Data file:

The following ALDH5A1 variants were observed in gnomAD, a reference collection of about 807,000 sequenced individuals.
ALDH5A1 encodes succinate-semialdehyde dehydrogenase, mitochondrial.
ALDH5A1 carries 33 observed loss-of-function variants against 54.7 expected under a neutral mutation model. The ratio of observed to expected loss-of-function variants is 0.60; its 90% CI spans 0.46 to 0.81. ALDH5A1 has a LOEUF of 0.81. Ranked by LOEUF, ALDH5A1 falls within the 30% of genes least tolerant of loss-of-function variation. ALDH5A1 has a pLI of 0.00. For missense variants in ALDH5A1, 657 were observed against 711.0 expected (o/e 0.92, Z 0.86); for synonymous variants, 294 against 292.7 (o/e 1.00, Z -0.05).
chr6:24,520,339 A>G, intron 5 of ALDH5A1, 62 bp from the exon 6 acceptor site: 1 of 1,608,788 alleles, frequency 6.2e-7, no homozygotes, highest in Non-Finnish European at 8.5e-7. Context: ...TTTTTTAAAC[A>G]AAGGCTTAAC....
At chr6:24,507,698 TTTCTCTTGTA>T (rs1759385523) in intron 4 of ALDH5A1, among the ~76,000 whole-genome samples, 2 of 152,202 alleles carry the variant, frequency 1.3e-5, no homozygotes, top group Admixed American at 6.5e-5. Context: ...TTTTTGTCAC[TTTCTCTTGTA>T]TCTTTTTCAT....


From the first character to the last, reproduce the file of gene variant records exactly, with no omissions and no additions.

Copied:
The following ALDH5A1 variants were observed in gnomAD, a reference collection of about 807,000 sequenced individuals.
ALDH5A1 encodes succinate-semialdehyde dehydrogenase, mitochondrial.
ALDH5A1 carries 33 observed loss-of-function variants against 54.7 expected under a neutral mutation model. The ratio of observed to expected loss-of-function variants is 0.60; its 90% CI spans 0.46 to 0.81. ALDH5A1 has a LOEUF of 0.81. Ranked by LOEUF, ALDH5A1 falls within the 30% of genes least tolerant of loss-of-function variation. ALDH5A1 has a pLI of 0.00. For missense variants in ALDH5A1, 657 were observed against 711.0 expected (o/e 0.92, Z 0.86); for synonymous variants, 294 against 292.7 (o/e 1.00, Z -0.05).
chr6:24,520,339 A>G, intron 5 of ALDH5A1, 62 bp from the exon 6 acceptor site: 1 of 1,608,788 alleles, frequency 6.2e-7, no homozygotes, highest in Non-Finnish European at 8.5e-7. Context: ...TTTTTTAAAC[A>G]AAGGCTTAAC....
At chr6:24,507,698 TTTCTCTTGTA>T (rs1759385523) in intron 4 of ALDH5A1, among the ~76,000 whole-genome samples, 2 of 152,202 alleles carry the variant, frequency 1.3e-5, no homozygotes, top group Admixed American at 6.5e-5. Context: ...TTTTTGTCAC[TTTCTCTTGTA>T]TCTTTTTCAT....